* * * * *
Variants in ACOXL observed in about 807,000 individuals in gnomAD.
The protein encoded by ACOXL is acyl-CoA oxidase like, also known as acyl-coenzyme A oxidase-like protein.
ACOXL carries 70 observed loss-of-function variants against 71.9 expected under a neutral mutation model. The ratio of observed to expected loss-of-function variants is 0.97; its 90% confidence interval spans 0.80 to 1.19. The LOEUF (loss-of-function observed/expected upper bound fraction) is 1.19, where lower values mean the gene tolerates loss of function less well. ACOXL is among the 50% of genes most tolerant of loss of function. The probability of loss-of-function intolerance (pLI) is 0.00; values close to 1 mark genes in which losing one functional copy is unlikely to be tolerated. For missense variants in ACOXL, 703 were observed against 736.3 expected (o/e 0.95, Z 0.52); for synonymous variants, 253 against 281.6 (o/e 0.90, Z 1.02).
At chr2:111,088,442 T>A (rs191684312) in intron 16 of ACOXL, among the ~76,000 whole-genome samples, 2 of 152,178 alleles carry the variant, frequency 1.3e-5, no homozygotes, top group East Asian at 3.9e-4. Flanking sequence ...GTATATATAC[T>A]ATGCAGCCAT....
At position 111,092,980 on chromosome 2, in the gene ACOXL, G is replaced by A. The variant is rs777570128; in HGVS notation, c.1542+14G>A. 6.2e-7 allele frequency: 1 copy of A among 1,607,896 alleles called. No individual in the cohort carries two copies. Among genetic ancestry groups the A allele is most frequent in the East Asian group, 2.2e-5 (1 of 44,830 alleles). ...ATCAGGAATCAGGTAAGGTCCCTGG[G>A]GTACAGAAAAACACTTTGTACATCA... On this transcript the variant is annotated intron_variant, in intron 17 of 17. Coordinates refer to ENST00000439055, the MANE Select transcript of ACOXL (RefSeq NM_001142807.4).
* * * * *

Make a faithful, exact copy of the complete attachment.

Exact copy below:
Variants in ACOXL observed in about 807,000 individuals in gnomAD.
The protein encoded by ACOXL is acyl-CoA oxidase like, also known as acyl-coenzyme A oxidase-like protein.
ACOXL carries 70 observed loss-of-function variants against 71.9 expected under a neutral mutation model. The ratio of observed to expected loss-of-function variants is 0.97; its 90% confidence interval spans 0.80 to 1.19. The LOEUF (loss-of-function observed/expected upper bound fraction) is 1.19, where lower values mean the gene tolerates loss of function less well. ACOXL is among the 50% of genes most tolerant of loss of function. The probability of loss-of-function intolerance (pLI) is 0.00; values close to 1 mark genes in which losing one functional copy is unlikely to be tolerated. For missense variants in ACOXL, 703 were observed against 736.3 expected (o/e 0.95, Z 0.52); for synonymous variants, 253 against 281.6 (o/e 0.90, Z 1.02).
At chr2:111,088,442 T>A (rs191684312) in intron 16 of ACOXL, among the ~76,000 whole-genome samples, 2 of 152,178 alleles carry the variant, frequency 1.3e-5, no homozygotes, top group East Asian at 3.9e-4. Flanking sequence ...GTATATATAC[T>A]ATGCAGCCAT....
At position 111,092,980 on chromosome 2, in the gene ACOXL, G is replaced by A. The variant is rs777570128; in HGVS notation, c.1542+14G>A. 6.2e-7 allele frequency: 1 copy of A among 1,607,896 alleles called. No individual in the cohort carries two copies. Among genetic ancestry groups the A allele is most frequent in the East Asian group, 2.2e-5 (1 of 44,830 alleles). ...ATCAGGAATCAGGTAAGGTCCCTGG[G>A]GTACAGAAAAACACTTTGTACATCA... On this transcript the variant is annotated intron_variant, in intron 17 of 17. Coordinates refer to ENST00000439055, the MANE Select transcript of ACOXL (RefSeq NM_001142807.4).